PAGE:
Casali and Jeremy Eller really give this game a 1-2 punch when it comes to sound and music. Eller's original soundtrack could easily rival some of the best Phantasy Star tunes I've ever heard, and Casali's sound effects mix well with the game's pace. I found myself really immersed and I was almost convinced that I was playing on a Sega Genesis, not a PC!
Gameplay (n.)
The precision of control and involvement of character within its universe
(Very Good)
This is one of the few QBRPGs you will find that uses both the keyboard and mouse interface for the game. This can be a blessing and a curse. You can use your mouse to zip through the menus, which allow you to cast spells and perform with the greatest of ease. However, the mouse system is still a little flaky, and I had a difficult time talking to people and opening treasure chests.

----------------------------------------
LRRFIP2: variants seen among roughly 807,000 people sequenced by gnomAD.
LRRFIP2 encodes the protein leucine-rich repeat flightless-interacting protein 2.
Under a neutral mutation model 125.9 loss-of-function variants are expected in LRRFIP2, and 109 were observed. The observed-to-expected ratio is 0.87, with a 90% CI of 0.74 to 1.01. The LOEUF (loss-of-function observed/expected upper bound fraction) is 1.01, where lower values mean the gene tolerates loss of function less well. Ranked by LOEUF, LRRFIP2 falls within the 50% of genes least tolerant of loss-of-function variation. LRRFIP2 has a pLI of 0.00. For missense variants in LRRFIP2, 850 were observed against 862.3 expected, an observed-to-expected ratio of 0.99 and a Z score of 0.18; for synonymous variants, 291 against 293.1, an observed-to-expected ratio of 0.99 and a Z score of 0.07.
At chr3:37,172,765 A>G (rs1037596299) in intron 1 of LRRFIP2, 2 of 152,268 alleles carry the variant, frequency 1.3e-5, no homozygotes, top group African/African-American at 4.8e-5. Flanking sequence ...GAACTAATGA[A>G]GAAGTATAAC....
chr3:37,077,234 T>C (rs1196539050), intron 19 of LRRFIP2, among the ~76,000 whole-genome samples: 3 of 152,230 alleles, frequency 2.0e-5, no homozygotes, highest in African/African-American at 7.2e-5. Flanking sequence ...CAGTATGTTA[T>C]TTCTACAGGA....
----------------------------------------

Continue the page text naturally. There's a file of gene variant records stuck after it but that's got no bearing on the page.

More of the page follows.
Many of the game's concepts are also original. In particular, you customize how each character gets stronger when he or she reaches a new experience level. In addition, the game has a "monster hunter's guild", where you stop by to get your gold for the number of creatures you exterminate. The battle sequence works a la Phantasy Star III, with a selection of spells and attacks. Even the "Defend" option, hardly used in QBRPGs, has it's applications because the enemies range in speed and in power.

Story (n.)
The creativity and presentation of the game's critical plot
(Very Good)
While the plot twists in Dark Phear are reminiscent of Breath of Fire II, there are many demo sequences that either introduce new characters or further the story, much in the style of Sega's Phantasy Star IV.